7. Jack and Jill (2012)

Between Punch Drunk Love and Uncut Gems, it's clear Adam Sandler can deliver a great performance, which makes it all the more painful when he falls back onto something like this. The lowest point in his career came when he tried stretching out a cheap SNL gag into a feature length film, seemingly based around the equation "Adam Sandler + Crossdressing = Comedic Gold". All we're left with is an onslaught of gags punching down at Latinx people, Al Pacino rapping about Dunkin' Donuts, and a berating about atheism thrown in for good measure.

6. Collateral Beauty (2016)

At worst, this tale of Will Smith playing a grieving father, who writes letters to abstract conceptions of Love, Time, and Death, should've been emotionally manipulative fluff. Instead, it sidelines the former Fresh Prince to focus on three co-workers, whose response to their long-time friend hurting is to hire three actors to portray Love, Time, and Death, in an effort to make Smith's character look crazy enough to lose his job. It's a horrendous scenario to watch unfold, made all the more baffling as the manipulative and toxic leads are positioned as being in the right.

5. Dirty Grandpa (2016)

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What happened, Robert De Niro? You'd be hard pressed to find a long-serving actor without a few blemishes on their career, but while the legendary actor has taken some questionable roles, this comes off as though he's purposefully being punished. He plays the titular Grandpa to Zac Efron's character, a man who's dissatisfied with his life, and the pair agree to drive up to Florida. Hilarity apparently ensues, but it didn't for me.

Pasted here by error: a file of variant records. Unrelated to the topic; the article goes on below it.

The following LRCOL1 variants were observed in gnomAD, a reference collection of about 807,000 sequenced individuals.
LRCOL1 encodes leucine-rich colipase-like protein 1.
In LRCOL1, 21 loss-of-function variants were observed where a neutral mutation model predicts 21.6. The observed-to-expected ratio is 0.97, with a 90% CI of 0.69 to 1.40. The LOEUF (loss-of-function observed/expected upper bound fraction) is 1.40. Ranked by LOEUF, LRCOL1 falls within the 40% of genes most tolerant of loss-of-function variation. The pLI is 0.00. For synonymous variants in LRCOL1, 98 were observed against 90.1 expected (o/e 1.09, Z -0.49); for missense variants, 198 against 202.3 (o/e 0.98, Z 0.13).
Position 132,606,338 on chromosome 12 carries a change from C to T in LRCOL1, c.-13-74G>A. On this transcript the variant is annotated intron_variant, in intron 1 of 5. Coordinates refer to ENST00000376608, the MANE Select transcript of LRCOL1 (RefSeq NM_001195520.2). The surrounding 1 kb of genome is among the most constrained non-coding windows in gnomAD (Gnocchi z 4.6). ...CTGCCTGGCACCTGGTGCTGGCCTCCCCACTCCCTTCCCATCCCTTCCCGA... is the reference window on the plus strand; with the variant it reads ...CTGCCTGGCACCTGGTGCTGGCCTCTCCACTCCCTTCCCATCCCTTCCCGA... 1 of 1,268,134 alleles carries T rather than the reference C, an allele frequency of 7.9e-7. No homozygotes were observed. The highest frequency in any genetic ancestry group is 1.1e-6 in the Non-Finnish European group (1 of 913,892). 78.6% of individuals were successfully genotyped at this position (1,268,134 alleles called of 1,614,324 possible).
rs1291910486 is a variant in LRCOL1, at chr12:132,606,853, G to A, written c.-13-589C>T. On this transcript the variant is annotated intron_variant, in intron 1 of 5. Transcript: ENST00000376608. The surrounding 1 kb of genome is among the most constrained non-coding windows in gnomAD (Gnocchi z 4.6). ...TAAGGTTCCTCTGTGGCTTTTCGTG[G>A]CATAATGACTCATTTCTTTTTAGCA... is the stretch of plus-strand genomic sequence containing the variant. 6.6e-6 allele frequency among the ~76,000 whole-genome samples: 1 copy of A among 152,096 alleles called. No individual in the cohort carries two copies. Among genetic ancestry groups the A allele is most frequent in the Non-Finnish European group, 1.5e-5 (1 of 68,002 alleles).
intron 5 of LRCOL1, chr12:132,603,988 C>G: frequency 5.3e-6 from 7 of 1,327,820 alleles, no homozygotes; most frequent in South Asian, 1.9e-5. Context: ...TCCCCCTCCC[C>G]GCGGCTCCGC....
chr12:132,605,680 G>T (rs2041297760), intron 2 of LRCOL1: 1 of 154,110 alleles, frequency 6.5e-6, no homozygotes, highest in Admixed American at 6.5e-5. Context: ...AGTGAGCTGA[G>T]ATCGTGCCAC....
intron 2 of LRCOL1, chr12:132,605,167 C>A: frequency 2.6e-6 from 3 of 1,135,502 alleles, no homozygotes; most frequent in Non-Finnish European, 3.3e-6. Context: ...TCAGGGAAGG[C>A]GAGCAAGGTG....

The tone is set from early on, when we bear witness to The Godfather Part II star masturbating, and thus begins the ride. That is, if the ride is on a vehicle with no working brakes, rapidly descending into a pile of faeces. Robert De Niro is trapped playing an utterly vile being, constantly coming off as self-serving, no matter how much the film tries to lazily grasp at half-hearted tries at emotion. But he's only the beginning, for this is full of insufferable and unlikeable characters. A third act twist where zombies devour them all would have been more than welcome.

4. The Queen's Corgi (2019)

You're probably thinking, "This looks like a cute little film about dogs, what's so wrong about it?". Initially, the biggest sin this film has is making the eponymous Corgi so unlikeable, but things quickly sour when an animated Donald Trump comes in. He pops down his own dog, makes a casual reference to his "grabbing" comments, and then his dog sexually assaults the titular Corgi. Somehow, it then spirals further, as the film relocates to a kennel, where there's classism, homophobia, a sniffer dog addicted to cocaine, and Fight Club references, all aimed at children! It's a horrible film which doesn't deserve to be watched by children, let alone left in the same room as them.